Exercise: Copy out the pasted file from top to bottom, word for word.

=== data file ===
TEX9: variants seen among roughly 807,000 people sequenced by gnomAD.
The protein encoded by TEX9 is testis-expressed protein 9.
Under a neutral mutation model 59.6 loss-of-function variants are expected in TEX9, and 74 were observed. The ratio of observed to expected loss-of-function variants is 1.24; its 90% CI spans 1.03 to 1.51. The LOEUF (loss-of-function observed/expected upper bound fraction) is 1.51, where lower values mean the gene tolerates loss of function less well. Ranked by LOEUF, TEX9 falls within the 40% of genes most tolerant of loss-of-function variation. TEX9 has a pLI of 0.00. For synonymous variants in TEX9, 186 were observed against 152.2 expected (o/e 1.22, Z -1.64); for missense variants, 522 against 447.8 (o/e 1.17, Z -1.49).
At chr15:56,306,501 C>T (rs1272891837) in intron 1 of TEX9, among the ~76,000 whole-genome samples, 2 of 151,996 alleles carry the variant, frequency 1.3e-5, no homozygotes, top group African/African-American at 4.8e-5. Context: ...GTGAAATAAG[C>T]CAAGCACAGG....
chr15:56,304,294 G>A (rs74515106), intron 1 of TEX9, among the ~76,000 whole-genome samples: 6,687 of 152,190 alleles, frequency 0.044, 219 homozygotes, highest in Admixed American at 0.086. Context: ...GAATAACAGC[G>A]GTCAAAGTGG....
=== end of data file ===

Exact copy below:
TEX9: variants seen among roughly 807,000 people sequenced by gnomAD.
The protein encoded by TEX9 is testis-expressed protein 9.
Under a neutral mutation model 59.6 loss-of-function variants are expected in TEX9, and 74 were observed. The ratio of observed to expected loss-of-function variants is 1.24; its 90% CI spans 1.03 to 1.51. The LOEUF (loss-of-function observed/expected upper bound fraction) is 1.51, where lower values mean the gene tolerates loss of function less well. Ranked by LOEUF, TEX9 falls within the 40% of genes most tolerant of loss-of-function variation. TEX9 has a pLI of 0.00. For synonymous variants in TEX9, 186 were observed against 152.2 expected (o/e 1.22, Z -1.64); for missense variants, 522 against 447.8 (o/e 1.17, Z -1.49).
At chr15:56,306,501 C>T (rs1272891837) in intron 1 of TEX9, among the ~76,000 whole-genome samples, 2 of 151,996 alleles carry the variant, frequency 1.3e-5, no homozygotes, top group African/African-American at 4.8e-5. Context: ...GTGAAATAAG[C>T]CAAGCACAGG....
chr15:56,304,294 G>A (rs74515106), intron 1 of TEX9, among the ~76,000 whole-genome samples: 6,687 of 152,190 alleles, frequency 0.044, 219 homozygotes, highest in Admixed American at 0.086. Context: ...GAATAACAGC[G>A]GTCAAAGTGG....